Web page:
Olympic Winner
Image courtesy of Olympic.org

Fanny Blankers-Koen (1918-2004): Olympic Track & Field Athlete

Dutch track and field athlete Fanny Blankers-Koen was born in Lage Vuursche, Netherlands, in 1918. Around the age of 16, Blankers-Koen began competing as an athlete, and in 1935 she competed in the Berlin Olympics. She exuded immense talent, but not enough to win her a medal that year. It wasn’t until 13 years later — when Fanny was 30 years old, married, and a mother of two — that she became a superstar athlete at the 1948 London Olympics. Several commentators of the time criticized Fanny for stepping outside of her home and “neglecting” her domestic and motherly duties by competing that year, and they were also very doubtful of her ability to compete due to her age.

But like any badass woman, Fanny Blankers-Koen was a focused individual who only needed a belief in herself and in her team in order to compete successfully. Despite the criticism and the words of doubt floating around Fanny’s name and her Olympic career, the 1948 London Olympics essentially became Fanny’s stage. Her performance garnered her four gold medals in the 100 meter sprint, 200 meter sprint, 80 meter hurdles, and 4 x 100 meter relay. Subsequently, she became the first woman to win four gold medals in one Olympic Games. I don’t know about you, but if I was Fanny, I would have walked around the Olympic stadium with fists in the air, yelling, “Suck it!” while showing off the four pretty and shiny medals around my neck. But I guess we all can’t be classy victors now, can we?

Winning, though, was not without its faults and stumbles. Despite the fact that we now know Fanny as an impressive and talented marker of athletic history, Fanny was still a human competing against immense odds and negativity. It is reported that even after winning her first two gold medals, she felt that she couldn’t compete in her next event, the 200m, because of the repulsive negativity that commentators had concerning her participation. However, even though Fanny considered withdrawing from the 200m, she overcame the pressure, the negative comments, and the fear and went on to win the 200m by a 0.7 second margin — the highest margin in Olympic 200m history. Fanny Blankers-Koen left London as a four gold-medalist winner and also received the nickname “The Flying Housewife” from the press who reported on her exceptional performance at the London Olympics.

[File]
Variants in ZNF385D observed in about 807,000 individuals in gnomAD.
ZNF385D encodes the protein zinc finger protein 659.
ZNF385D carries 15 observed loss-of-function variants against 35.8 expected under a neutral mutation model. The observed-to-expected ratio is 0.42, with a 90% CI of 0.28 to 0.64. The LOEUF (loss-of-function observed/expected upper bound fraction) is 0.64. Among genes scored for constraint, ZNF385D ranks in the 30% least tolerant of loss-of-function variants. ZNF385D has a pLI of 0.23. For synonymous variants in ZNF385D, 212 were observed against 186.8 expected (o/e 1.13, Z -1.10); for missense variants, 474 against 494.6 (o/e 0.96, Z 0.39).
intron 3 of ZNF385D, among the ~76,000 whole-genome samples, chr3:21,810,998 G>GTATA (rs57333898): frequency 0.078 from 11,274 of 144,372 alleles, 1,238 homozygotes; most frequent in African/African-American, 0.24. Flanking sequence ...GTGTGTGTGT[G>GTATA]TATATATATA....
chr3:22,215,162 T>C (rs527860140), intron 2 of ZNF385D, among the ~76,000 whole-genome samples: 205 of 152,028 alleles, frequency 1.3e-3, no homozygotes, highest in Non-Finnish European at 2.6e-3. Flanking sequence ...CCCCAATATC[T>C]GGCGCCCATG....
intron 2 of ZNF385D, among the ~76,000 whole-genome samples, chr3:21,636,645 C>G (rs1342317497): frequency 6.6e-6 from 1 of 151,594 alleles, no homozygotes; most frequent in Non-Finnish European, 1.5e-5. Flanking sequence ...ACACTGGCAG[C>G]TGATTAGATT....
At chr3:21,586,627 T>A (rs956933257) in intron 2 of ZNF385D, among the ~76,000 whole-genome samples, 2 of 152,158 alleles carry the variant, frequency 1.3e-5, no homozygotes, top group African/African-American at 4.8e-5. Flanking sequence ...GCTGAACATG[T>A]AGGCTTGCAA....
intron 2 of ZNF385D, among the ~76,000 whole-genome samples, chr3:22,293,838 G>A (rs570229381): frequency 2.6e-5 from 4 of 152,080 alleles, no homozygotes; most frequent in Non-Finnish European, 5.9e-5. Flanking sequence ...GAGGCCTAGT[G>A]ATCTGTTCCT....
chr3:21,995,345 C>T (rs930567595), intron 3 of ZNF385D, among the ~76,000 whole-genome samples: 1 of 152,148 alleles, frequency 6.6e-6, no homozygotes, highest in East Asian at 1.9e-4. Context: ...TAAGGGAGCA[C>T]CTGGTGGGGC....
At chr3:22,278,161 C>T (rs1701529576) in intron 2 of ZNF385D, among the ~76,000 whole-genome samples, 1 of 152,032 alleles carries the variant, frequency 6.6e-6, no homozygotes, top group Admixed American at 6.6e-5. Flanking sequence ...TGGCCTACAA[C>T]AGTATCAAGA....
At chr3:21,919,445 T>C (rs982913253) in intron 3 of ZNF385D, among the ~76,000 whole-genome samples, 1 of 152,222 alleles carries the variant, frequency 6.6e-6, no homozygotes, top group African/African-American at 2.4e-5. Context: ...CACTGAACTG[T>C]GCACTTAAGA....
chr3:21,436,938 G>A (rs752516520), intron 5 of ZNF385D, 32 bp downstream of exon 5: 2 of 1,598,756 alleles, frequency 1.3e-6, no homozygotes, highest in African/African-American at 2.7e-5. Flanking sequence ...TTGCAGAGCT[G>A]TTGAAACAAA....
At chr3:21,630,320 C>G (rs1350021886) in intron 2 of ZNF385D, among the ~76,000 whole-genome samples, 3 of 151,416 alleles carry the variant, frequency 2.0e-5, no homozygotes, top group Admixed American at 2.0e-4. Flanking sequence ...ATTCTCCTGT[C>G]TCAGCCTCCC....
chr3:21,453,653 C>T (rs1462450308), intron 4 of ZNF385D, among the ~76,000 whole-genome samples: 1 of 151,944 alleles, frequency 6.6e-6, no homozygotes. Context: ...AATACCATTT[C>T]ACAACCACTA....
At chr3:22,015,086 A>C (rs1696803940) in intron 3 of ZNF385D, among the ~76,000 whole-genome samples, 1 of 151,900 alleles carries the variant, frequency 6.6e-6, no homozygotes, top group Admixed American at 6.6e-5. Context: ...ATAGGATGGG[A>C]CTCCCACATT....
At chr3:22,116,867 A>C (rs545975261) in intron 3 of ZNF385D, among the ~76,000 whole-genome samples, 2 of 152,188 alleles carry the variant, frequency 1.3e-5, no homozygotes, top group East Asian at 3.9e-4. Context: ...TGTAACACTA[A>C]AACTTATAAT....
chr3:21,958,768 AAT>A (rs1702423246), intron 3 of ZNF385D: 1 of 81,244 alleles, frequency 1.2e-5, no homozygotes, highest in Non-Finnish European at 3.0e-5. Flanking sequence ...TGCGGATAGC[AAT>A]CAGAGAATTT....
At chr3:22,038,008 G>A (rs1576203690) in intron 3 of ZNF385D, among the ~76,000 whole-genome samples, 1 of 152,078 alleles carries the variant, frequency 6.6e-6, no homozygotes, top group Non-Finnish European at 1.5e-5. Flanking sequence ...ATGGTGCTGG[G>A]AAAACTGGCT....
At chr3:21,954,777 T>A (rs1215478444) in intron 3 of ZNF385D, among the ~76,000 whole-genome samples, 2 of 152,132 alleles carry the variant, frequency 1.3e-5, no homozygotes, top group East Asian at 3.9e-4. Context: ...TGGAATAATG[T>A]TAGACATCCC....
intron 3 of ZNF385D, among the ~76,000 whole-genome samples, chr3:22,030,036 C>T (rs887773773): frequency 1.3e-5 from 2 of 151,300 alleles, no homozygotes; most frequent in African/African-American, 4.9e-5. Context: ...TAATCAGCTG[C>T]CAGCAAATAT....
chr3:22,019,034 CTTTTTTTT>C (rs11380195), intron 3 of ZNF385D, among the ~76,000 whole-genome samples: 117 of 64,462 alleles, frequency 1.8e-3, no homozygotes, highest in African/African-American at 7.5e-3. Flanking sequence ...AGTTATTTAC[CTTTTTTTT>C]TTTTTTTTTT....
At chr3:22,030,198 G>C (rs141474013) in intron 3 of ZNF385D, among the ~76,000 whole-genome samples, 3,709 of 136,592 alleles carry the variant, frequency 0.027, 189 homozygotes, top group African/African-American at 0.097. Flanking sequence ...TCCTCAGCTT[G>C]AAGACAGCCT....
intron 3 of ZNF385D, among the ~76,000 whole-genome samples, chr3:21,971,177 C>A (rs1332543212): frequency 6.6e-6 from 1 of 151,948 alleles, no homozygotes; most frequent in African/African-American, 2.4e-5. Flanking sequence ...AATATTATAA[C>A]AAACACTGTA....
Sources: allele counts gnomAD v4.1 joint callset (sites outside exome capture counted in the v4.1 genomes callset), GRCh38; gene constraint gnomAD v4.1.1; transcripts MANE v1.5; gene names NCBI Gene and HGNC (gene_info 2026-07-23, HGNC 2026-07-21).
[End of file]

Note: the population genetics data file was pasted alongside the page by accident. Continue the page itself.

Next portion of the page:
After her victory in London, Fanny kept training and even competed in the Helsinki Olympics at age 34. It was in 1999, though, that Fanny was really made an official staple in the athletic community worldwide. She was honored with the title “Top Female Athlete of the 20th Century” by the International Amateur Athletic Federation, and she humbly accepted her title with absolute surprise.

This is only a short testament of Fanny Blanker-Koen’s amazing contribution to athletic history as well as women’s history. She stepped out into a public arena despite the controversial and negative feedback concerning both her personal and professional life. Her bravery shows us a very telling tale about the ability to believe in yourself despite hurtful and unwarranted assumptions. It’s amazing to see a woman of Fanny’s caliber show a world — which is intent on belittling female athletic ability — that one does not need the validation of others in order to do something brilliant. All that really matters is the capability of that individual and the important belief that one can be great just by knowing that they have every capacity to be great.

So, three cheers to Fanny Blankers-Koen! Do me a favor and watch her amazing performance at the 1948 London Olympics. I promise you will not regret it!


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